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A long term follow-up study of carriers of hypertrophic cardiomyopathy mutations

journal contribution
posted on 2023-05-18, 21:46 authored by McTaggart, DR, Kathryn OgdenKathryn Ogden, Marathe, JA

Background: Adults who test positive for a mutation associated with the development of hypertrophic cardiomyopathy (HCM) but who have not manifested left ventricular hypertrophy (LVH) at the time of that diagnosis are now commonly identified in the era of genetic testing. There are little published data, however, on the long-term outlook for these phenotypically normal gene carriers.

Methods: Fifteen genotype positive/LVH negative patients with HCM were identified, seven of which were children when first diagnosed as gene carriers. Fourteen were followed up with clinical examinations, electrocardiography and echocardiography to determine if their clinical status had changed over time. Measurements included electrocardiographic changes, changes in wall thickness, diastolic function and global longitudinal stain.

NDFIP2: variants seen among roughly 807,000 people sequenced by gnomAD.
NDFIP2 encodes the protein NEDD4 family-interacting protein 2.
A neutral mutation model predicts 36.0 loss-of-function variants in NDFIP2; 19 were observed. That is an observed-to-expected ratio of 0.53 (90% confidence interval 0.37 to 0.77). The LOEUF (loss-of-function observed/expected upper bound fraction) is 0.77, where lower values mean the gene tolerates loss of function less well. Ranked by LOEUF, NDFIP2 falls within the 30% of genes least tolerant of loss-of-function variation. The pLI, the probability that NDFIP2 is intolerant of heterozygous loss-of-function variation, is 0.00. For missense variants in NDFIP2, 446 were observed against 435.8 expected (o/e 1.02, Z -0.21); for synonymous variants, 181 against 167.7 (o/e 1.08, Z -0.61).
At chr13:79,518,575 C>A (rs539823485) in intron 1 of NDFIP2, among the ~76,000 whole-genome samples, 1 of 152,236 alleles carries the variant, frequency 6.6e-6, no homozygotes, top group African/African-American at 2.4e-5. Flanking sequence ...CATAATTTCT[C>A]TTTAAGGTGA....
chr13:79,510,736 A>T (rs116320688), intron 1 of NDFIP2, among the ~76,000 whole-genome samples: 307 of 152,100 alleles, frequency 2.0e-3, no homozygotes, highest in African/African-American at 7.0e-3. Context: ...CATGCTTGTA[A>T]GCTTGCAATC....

Results: Ten participants were followed up for a total of 18 years, two for a total of 17 years, one for 11 years and one for 8 years. In addition, magnetic resonance imaging (MRI) studies were performed on 11 participants. Eleven participants carried a mutation for the MYBPC3 gene and three carried a mutation for the MYH7 gene. One patient, an adult at the time of initial investigation, developed phenotypic features of HCM on echocardiography and MRI, one an increase in wall thickness diagnostic for HCM only on MRI and another to be borderline for HCM on MRI.

Conclusion: Hypertrophic cardiomyopathy can develop in adult life in carriers who may be negative for LVH at the time of gene diagnosis and warrants periodic supervision of carriers throughout their lives.


Clifford Craig Foundation


Publication title

Heart, Lung & Circulation








Tasmanian School of Medicine


Blackwell Science Asia

Place of publication


Rights statement

Crown Copyright © 2016 Published by Elsevier B.V. on behalf of Australian and New Zealand Society of Cardiac and Thoracic Surgeons (ANZSCTS) and the Cardiac Society of Australia and New Zealand (CSANZ)

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Socio-economic Objectives

Clinical health not elsewhere classified

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